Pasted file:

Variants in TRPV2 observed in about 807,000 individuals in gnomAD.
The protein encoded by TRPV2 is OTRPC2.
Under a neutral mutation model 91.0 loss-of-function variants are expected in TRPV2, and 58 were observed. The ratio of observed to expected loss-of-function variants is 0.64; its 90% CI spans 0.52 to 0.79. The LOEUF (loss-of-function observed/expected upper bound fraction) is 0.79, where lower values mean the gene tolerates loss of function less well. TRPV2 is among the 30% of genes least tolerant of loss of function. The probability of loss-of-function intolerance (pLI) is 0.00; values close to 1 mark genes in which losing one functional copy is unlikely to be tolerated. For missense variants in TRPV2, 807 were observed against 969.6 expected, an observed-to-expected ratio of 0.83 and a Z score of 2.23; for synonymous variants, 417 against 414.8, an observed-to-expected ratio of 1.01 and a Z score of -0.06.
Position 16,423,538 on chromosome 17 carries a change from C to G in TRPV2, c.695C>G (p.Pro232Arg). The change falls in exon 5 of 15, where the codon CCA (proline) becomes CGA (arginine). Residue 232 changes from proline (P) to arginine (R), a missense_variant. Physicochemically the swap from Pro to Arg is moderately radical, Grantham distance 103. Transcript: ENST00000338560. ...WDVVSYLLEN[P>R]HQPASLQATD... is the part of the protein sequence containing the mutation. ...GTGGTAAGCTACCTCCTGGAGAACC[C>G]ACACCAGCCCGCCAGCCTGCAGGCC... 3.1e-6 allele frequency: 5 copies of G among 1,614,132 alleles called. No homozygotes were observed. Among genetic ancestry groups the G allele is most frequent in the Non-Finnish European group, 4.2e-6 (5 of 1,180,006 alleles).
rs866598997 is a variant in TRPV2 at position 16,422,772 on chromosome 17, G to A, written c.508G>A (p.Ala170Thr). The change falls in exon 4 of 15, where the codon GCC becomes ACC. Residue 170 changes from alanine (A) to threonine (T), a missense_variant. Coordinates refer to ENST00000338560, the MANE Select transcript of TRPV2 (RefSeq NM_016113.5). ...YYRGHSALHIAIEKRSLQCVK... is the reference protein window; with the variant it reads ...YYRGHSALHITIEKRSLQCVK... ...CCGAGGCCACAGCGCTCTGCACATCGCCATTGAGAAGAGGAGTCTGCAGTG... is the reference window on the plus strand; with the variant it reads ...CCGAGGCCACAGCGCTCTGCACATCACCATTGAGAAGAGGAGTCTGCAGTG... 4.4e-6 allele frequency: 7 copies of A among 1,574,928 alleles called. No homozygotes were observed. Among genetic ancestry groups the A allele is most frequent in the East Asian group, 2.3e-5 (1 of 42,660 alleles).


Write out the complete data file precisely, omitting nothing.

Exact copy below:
Variants in TRPV2 observed in about 807,000 individuals in gnomAD.
The protein encoded by TRPV2 is OTRPC2.
Under a neutral mutation model 91.0 loss-of-function variants are expected in TRPV2, and 58 were observed. The ratio of observed to expected loss-of-function variants is 0.64; its 90% CI spans 0.52 to 0.79. The LOEUF (loss-of-function observed/expected upper bound fraction) is 0.79, where lower values mean the gene tolerates loss of function less well. TRPV2 is among the 30% of genes least tolerant of loss of function. The probability of loss-of-function intolerance (pLI) is 0.00; values close to 1 mark genes in which losing one functional copy is unlikely to be tolerated. For missense variants in TRPV2, 807 were observed against 969.6 expected, an observed-to-expected ratio of 0.83 and a Z score of 2.23; for synonymous variants, 417 against 414.8, an observed-to-expected ratio of 1.01 and a Z score of -0.06.
Position 16,423,538 on chromosome 17 carries a change from C to G in TRPV2, c.695C>G (p.Pro232Arg). The change falls in exon 5 of 15, where the codon CCA (proline) becomes CGA (arginine). Residue 232 changes from proline (P) to arginine (R), a missense_variant. Physicochemically the swap from Pro to Arg is moderately radical, Grantham distance 103. Transcript: ENST00000338560. ...WDVVSYLLEN[P>R]HQPASLQATD... is the part of the protein sequence containing the mutation. ...GTGGTAAGCTACCTCCTGGAGAACC[C>G]ACACCAGCCCGCCAGCCTGCAGGCC... 3.1e-6 allele frequency: 5 copies of G among 1,614,132 alleles called. No homozygotes were observed. Among genetic ancestry groups the G allele is most frequent in the Non-Finnish European group, 4.2e-6 (5 of 1,180,006 alleles).
rs866598997 is a variant in TRPV2 at position 16,422,772 on chromosome 17, G to A, written c.508G>A (p.Ala170Thr). The change falls in exon 4 of 15, where the codon GCC becomes ACC. Residue 170 changes from alanine (A) to threonine (T), a missense_variant. Coordinates refer to ENST00000338560, the MANE Select transcript of TRPV2 (RefSeq NM_016113.5). ...YYRGHSALHIAIEKRSLQCVK... is the reference protein window; with the variant it reads ...YYRGHSALHITIEKRSLQCVK... ...CCGAGGCCACAGCGCTCTGCACATCGCCATTGAGAAGAGGAGTCTGCAGTG... is the reference window on the plus strand; with the variant it reads ...CCGAGGCCACAGCGCTCTGCACATCACCATTGAGAAGAGGAGTCTGCAGTG... 4.4e-6 allele frequency: 7 copies of A among 1,574,928 alleles called. No homozygotes were observed. Among genetic ancestry groups the A allele is most frequent in the East Asian group, 2.3e-5 (1 of 42,660 alleles).